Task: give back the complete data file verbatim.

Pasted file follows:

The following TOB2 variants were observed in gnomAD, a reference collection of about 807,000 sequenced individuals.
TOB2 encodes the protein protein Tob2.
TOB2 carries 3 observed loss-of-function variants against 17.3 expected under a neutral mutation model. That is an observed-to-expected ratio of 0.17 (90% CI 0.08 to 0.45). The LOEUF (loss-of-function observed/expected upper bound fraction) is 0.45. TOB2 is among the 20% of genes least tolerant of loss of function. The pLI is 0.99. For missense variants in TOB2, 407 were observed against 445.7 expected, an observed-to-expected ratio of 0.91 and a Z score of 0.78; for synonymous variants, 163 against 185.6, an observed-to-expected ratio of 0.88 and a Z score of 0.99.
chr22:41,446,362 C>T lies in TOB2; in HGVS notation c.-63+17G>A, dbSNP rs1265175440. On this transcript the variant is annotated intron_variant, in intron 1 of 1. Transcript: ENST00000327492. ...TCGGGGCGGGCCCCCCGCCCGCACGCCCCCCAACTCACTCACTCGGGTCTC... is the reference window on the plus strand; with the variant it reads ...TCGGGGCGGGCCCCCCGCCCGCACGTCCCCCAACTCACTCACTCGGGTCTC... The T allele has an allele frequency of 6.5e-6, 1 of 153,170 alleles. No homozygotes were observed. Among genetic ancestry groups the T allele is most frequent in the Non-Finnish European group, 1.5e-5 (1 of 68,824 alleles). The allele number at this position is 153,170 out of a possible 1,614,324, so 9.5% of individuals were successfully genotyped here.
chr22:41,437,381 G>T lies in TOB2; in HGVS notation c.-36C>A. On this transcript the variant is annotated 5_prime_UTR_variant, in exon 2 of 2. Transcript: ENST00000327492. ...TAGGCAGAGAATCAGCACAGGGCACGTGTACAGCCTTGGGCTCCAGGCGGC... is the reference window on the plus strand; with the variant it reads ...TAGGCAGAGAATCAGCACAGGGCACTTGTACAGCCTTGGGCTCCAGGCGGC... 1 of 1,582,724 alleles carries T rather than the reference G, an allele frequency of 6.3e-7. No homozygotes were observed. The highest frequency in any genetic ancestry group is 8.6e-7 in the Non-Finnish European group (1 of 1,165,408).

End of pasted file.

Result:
The following TOB2 variants were observed in gnomAD, a reference collection of about 807,000 sequenced individuals.
TOB2 encodes the protein protein Tob2.
TOB2 carries 3 observed loss-of-function variants against 17.3 expected under a neutral mutation model. That is an observed-to-expected ratio of 0.17 (90% CI 0.08 to 0.45). The LOEUF (loss-of-function observed/expected upper bound fraction) is 0.45. TOB2 is among the 20% of genes least tolerant of loss of function. The pLI is 0.99. For missense variants in TOB2, 407 were observed against 445.7 expected, an observed-to-expected ratio of 0.91 and a Z score of 0.78; for synonymous variants, 163 against 185.6, an observed-to-expected ratio of 0.88 and a Z score of 0.99.
chr22:41,446,362 C>T lies in TOB2; in HGVS notation c.-63+17G>A, dbSNP rs1265175440. On this transcript the variant is annotated intron_variant, in intron 1 of 1. Transcript: ENST00000327492. ...TCGGGGCGGGCCCCCCGCCCGCACGCCCCCCAACTCACTCACTCGGGTCTC... is the reference window on the plus strand; with the variant it reads ...TCGGGGCGGGCCCCCCGCCCGCACGTCCCCCAACTCACTCACTCGGGTCTC... The T allele has an allele frequency of 6.5e-6, 1 of 153,170 alleles. No homozygotes were observed. Among genetic ancestry groups the T allele is most frequent in the Non-Finnish European group, 1.5e-5 (1 of 68,824 alleles). The allele number at this position is 153,170 out of a possible 1,614,324, so 9.5% of individuals were successfully genotyped here.
chr22:41,437,381 G>T lies in TOB2; in HGVS notation c.-36C>A. On this transcript the variant is annotated 5_prime_UTR_variant, in exon 2 of 2. Transcript: ENST00000327492. ...TAGGCAGAGAATCAGCACAGGGCACGTGTACAGCCTTGGGCTCCAGGCGGC... is the reference window on the plus strand; with the variant it reads ...TAGGCAGAGAATCAGCACAGGGCACTTGTACAGCCTTGGGCTCCAGGCGGC... 1 of 1,582,724 alleles carries T rather than the reference G, an allele frequency of 6.3e-7. No homozygotes were observed. The highest frequency in any genetic ancestry group is 8.6e-7 in the Non-Finnish European group (1 of 1,165,408).